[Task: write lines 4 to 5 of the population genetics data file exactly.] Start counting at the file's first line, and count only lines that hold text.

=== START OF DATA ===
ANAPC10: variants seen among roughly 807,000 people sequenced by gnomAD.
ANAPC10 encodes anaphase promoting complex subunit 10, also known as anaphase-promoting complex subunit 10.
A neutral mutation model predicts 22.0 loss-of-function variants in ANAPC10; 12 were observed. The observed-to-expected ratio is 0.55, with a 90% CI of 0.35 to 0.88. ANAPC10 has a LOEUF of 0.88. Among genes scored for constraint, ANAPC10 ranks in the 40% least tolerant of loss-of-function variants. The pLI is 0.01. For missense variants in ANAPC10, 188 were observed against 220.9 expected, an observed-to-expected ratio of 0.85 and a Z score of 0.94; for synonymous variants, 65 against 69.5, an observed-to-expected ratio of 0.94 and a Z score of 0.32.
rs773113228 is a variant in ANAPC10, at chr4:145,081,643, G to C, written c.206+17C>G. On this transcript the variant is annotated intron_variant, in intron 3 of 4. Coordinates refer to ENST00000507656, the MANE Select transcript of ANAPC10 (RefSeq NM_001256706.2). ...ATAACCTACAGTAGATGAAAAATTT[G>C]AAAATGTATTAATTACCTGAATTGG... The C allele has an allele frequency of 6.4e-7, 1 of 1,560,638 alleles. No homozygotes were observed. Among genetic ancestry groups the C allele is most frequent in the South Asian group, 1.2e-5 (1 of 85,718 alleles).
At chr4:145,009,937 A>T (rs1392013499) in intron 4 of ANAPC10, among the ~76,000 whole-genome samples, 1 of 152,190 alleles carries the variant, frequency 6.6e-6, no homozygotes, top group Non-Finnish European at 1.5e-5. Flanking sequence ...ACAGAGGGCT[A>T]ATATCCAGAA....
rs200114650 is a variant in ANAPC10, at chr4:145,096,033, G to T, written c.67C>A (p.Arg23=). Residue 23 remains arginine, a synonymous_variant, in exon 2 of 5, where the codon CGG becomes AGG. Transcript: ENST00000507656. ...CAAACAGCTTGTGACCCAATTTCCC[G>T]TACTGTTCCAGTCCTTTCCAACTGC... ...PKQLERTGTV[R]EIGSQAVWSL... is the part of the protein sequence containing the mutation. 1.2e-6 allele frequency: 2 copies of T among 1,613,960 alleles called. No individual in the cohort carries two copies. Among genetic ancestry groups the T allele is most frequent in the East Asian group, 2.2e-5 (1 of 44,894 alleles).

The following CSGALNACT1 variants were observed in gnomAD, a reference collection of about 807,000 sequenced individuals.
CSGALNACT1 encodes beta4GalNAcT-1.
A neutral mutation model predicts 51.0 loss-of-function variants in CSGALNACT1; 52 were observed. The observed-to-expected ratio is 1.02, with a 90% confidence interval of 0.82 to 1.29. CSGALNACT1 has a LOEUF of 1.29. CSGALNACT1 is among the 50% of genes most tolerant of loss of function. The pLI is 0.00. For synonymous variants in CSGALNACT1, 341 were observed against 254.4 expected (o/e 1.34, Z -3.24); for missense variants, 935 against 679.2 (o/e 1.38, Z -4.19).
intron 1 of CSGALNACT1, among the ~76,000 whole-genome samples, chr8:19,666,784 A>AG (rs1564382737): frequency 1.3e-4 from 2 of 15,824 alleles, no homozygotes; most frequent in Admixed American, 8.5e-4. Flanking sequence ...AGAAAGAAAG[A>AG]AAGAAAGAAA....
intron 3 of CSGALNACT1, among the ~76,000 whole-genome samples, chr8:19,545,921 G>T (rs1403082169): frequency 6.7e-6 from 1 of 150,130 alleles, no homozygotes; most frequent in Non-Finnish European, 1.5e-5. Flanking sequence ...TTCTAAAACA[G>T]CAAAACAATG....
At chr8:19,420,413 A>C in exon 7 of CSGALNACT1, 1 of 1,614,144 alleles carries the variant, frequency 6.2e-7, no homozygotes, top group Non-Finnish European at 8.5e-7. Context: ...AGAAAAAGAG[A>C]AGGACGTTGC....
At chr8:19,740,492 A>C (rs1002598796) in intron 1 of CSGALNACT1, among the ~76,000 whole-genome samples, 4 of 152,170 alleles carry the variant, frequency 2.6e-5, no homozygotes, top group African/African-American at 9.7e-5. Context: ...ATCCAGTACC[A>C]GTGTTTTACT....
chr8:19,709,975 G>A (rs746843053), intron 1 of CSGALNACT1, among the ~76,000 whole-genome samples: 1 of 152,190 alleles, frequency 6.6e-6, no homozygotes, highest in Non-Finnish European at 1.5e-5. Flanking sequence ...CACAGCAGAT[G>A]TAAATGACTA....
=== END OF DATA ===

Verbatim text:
rs773113228 is a variant in ANAPC10, at chr4:145,081,643, G to C, written c.206+17C>G. On this transcript the variant is annotated intron_variant, in intron 3 of 4. Coordinates refer to ENST00000507656, the MANE Select transcript of ANAPC10 (RefSeq NM_001256706.2). ...ATAACCTACAGTAGATGAAAAATTT[G>C]AAAATGTATTAATTACCTGAATTGG... The C allele has an allele frequency of 6.4e-7, 1 of 1,560,638 alleles. No homozygotes were observed. Among genetic ancestry groups the C allele is most frequent in the South Asian group, 1.2e-5 (1 of 85,718 alleles).
At chr4:145,009,937 A>T (rs1392013499) in intron 4 of ANAPC10, among the ~76,000 whole-genome samples, 1 of 152,190 alleles carries the variant, frequency 6.6e-6, no homozygotes, top group Non-Finnish European at 1.5e-5. Flanking sequence ...ACAGAGGGCT[A>T]ATATCCAGAA....